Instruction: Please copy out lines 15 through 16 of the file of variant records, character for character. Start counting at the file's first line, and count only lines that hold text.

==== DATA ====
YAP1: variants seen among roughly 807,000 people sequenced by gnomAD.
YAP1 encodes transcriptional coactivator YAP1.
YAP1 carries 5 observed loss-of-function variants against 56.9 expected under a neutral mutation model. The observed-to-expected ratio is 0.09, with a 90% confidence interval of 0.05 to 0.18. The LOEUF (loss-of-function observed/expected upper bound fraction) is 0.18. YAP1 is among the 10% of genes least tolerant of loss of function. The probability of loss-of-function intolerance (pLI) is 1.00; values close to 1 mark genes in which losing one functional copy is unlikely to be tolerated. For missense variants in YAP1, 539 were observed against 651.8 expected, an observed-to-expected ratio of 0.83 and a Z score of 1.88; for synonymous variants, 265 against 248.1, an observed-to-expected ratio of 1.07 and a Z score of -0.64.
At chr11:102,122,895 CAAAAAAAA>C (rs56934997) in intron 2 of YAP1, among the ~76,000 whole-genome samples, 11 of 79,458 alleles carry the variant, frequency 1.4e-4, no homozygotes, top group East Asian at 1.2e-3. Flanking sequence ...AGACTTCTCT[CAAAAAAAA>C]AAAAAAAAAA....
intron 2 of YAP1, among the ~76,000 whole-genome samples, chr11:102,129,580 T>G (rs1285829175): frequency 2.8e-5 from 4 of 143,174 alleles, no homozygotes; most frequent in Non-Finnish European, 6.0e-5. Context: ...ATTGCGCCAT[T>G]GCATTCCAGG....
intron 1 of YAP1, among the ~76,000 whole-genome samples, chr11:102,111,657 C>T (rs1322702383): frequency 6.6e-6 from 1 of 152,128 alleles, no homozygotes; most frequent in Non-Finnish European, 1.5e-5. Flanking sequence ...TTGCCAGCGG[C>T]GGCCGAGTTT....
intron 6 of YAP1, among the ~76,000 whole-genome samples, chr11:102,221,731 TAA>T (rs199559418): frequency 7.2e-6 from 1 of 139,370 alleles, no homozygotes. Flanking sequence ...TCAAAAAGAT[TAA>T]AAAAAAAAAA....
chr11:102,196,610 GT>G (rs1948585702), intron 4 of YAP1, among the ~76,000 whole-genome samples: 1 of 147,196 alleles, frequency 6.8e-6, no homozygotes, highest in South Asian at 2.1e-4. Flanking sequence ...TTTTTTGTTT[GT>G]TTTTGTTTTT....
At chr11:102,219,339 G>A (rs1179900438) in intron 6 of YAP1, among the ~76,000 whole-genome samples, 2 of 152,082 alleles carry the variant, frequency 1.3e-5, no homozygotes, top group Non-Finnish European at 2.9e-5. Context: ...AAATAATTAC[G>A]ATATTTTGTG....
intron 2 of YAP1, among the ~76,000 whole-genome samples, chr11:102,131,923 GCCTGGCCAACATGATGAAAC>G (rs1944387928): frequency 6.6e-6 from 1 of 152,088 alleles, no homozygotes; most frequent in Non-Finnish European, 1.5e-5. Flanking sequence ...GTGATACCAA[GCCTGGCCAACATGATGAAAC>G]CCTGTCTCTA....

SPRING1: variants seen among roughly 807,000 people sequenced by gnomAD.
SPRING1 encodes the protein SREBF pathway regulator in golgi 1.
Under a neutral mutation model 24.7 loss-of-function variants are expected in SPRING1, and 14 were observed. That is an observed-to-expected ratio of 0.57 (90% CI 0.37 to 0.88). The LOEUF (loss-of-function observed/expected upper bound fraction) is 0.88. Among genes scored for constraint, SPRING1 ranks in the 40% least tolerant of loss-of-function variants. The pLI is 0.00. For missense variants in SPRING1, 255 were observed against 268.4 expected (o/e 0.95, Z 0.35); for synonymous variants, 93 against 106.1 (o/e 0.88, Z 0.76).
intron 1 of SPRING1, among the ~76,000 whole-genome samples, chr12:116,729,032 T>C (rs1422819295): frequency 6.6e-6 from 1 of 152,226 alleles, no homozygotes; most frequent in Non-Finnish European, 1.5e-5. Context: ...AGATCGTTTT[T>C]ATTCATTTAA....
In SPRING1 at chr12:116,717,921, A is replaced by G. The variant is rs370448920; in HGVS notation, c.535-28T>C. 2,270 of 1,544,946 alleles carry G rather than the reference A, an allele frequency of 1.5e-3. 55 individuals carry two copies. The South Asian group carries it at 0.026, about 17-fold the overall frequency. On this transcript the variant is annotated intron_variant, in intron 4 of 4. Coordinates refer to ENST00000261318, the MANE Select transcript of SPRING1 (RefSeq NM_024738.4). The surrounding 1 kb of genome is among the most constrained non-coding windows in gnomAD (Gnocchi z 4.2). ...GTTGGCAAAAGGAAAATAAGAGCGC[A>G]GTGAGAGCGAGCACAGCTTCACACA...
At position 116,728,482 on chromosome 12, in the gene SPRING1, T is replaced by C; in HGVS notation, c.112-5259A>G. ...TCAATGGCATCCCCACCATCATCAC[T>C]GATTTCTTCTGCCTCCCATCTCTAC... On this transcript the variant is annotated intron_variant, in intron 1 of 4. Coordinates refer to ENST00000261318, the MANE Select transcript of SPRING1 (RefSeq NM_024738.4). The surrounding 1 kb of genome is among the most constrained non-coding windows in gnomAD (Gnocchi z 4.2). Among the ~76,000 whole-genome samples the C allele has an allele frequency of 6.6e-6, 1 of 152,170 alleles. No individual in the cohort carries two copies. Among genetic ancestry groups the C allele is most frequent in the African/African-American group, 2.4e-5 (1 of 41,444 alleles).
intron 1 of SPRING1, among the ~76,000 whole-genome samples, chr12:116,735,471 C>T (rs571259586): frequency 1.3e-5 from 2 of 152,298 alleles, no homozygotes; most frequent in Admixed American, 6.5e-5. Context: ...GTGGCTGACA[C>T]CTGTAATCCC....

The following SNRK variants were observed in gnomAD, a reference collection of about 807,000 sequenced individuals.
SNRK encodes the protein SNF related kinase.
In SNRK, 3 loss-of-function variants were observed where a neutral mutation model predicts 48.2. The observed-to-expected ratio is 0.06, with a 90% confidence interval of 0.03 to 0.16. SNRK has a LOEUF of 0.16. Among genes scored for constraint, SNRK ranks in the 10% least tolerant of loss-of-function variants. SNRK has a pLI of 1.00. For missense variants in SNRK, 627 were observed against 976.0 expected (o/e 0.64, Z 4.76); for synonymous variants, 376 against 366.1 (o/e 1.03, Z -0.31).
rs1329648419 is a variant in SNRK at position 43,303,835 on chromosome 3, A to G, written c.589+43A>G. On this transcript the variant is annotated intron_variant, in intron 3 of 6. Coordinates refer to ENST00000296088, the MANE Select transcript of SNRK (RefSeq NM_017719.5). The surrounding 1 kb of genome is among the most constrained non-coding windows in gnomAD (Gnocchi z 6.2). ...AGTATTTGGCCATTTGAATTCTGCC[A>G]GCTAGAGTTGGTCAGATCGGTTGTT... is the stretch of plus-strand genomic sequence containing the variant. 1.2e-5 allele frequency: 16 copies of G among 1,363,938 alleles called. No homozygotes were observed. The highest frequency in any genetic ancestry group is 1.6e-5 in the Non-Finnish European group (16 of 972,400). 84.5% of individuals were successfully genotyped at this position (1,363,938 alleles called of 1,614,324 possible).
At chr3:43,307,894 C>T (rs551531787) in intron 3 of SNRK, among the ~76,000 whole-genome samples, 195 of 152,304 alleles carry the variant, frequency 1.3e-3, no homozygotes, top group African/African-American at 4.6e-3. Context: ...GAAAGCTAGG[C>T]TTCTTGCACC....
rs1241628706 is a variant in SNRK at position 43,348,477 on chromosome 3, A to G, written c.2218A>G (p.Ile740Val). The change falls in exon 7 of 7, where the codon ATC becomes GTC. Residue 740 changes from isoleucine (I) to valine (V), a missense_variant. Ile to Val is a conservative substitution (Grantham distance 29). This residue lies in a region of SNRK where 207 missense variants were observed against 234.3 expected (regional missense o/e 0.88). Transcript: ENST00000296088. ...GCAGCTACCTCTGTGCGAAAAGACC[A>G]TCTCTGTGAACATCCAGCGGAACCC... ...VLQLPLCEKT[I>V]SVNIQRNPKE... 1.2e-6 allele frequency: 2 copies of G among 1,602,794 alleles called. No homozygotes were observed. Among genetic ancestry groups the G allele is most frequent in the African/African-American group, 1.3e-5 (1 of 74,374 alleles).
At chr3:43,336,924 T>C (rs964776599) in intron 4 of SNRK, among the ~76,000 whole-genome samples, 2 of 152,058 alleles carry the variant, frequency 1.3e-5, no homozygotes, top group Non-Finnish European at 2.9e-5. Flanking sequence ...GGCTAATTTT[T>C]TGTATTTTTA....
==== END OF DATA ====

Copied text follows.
In SPRING1 at chr12:116,717,921, A is replaced by G. The variant is rs370448920; in HGVS notation, c.535-28T>C. 2,270 of 1,544,946 alleles carry G rather than the reference A, an allele frequency of 1.5e-3. 55 individuals carry two copies. The South Asian group carries it at 0.026, about 17-fold the overall frequency. On this transcript the variant is annotated intron_variant, in intron 4 of 4. Coordinates refer to ENST00000261318, the MANE Select transcript of SPRING1 (RefSeq NM_024738.4). The surrounding 1 kb of genome is among the most constrained non-coding windows in gnomAD (Gnocchi z 4.2). ...GTTGGCAAAAGGAAAATAAGAGCGC[A>G]GTGAGAGCGAGCACAGCTTCACACA...
At position 116,728,482 on chromosome 12, in the gene SPRING1, T is replaced by C; in HGVS notation, c.112-5259A>G. ...TCAATGGCATCCCCACCATCATCAC[T>C]GATTTCTTCTGCCTCCCATCTCTAC... On this transcript the variant is annotated intron_variant, in intron 1 of 4. Coordinates refer to ENST00000261318, the MANE Select transcript of SPRING1 (RefSeq NM_024738.4). The surrounding 1 kb of genome is among the most constrained non-coding windows in gnomAD (Gnocchi z 4.2). Among the ~76,000 whole-genome samples the C allele has an allele frequency of 6.6e-6, 1 of 152,170 alleles. No individual in the cohort carries two copies. Among genetic ancestry groups the C allele is most frequent in the African/African-American group, 2.4e-5 (1 of 41,444 alleles).